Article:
US Senator Bennet Applauds Passage of Natural Resources Management Act and Permanent Reauthorization of LWCF
Download: Summary of Bennet-led provisions included in the lands package
Washington, D.C. – Colorado U.S. Senator Michael Bennet today applauded Senate passage of the Natural Resources Management Act, commonly referred to as the “lands package.” Bennet secured 10 provisions in the package that will improve land management and expand access to public lands in Colorado. Additionally, after a decade of fighting to save the program, Bennet helped secure permanent reauthorization for the Land and Water Conservation Fund (LWCF).
“Thank you to every Coloradan who has spoken up in support of LWCF, met with me across the state at an LWCF-funded project, and traveled to Washington to advocate for this critical program. It’s your persistence that has led to this historic vote in the Senate to permanently save the conservation fund,” Bennet said. “After a decade of leading the charge for permanent reauthorization, today is a victory for Colorado and a commitment to future generations.”
“It’s rare that a bipartisan lands package moves in Congress, so this bill is a significant accomplishment for communities across Colorado,” Bennet continued. “I am particularly pleased to know my bill with the late Senator John McCain of Arizona, who valued service to this country above all else, is one step closer to becoming law. Our bill takes the best of America—our youth, veterans, and great outdoors—and expands the pathway for one to help the other.”
Land and Water Conservation Fund
Since joining the Senate in 2009, Bennet has advocated for LWCF reauthorization. He has led the effort in Congress with Senator Richard Burr (R-NC) to permanently reauthorize the program, introducing bipartisan legislation in 2015, and in every Congress since. When LWCF expired in September 2015, Bennet spoke on the Senate floor and wrote letters to leadership to help secure a three-year authorization in the end-of-year spending bill. When the program was set to expire again in September 2018, Bennet worked with Burr to file an amendment to the Farm Bill and other bills moving on the Senate floor and introduced a separate bill with Senator Maria Cantwell (D-WA) to permanently reauthorize and fully fund LWCF. Today’s lands package includes permanent reauthorization for LWCF.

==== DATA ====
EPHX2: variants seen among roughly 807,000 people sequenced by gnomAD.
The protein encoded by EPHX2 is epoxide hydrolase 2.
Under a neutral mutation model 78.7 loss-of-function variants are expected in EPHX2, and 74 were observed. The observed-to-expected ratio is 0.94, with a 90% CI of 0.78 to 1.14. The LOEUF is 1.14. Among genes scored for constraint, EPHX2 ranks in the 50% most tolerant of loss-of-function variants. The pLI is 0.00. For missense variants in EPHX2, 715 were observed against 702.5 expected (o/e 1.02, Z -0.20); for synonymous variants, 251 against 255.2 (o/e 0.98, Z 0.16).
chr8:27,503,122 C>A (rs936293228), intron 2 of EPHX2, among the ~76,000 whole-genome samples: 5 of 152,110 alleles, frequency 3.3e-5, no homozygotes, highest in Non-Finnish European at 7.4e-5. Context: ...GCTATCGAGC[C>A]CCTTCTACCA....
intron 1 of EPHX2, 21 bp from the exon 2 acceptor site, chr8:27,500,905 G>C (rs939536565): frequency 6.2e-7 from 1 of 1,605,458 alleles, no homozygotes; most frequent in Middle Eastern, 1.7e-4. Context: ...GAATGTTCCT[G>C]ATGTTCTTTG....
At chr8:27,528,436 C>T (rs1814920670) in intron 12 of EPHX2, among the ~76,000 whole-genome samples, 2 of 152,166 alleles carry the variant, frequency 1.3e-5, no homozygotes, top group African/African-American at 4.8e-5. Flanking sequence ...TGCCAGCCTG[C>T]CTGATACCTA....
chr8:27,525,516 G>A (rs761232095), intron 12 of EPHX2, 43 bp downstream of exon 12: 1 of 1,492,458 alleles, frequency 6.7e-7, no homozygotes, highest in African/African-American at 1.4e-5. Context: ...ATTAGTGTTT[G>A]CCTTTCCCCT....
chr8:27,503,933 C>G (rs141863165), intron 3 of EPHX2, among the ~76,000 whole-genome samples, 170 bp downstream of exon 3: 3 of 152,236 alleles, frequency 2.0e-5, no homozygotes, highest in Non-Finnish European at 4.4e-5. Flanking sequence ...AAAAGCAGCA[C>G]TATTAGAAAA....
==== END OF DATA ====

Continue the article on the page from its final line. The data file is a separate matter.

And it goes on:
Over the years, Bennet has visited several LWCF-funded projects in Colorado, including the Animas River Trail in 2016 and the Yampa River Project in 2018, to advocate for the program. LWCF has invested more than $268 million in Colorado projects since its inception.
Bennet-Led Provisions in Lands Package
In addition to LWCF, Bennet helped secure 10 provisions in the lands package that improve land management and expand access to public land in Colorado. This includes the 21st Century Conservation Service Corps Act, which Bennet led with late-Senator John McCain (R-AZ) beginning in 2015, to place youth and returning veterans in national service roles to enhance America’s public lands and waters.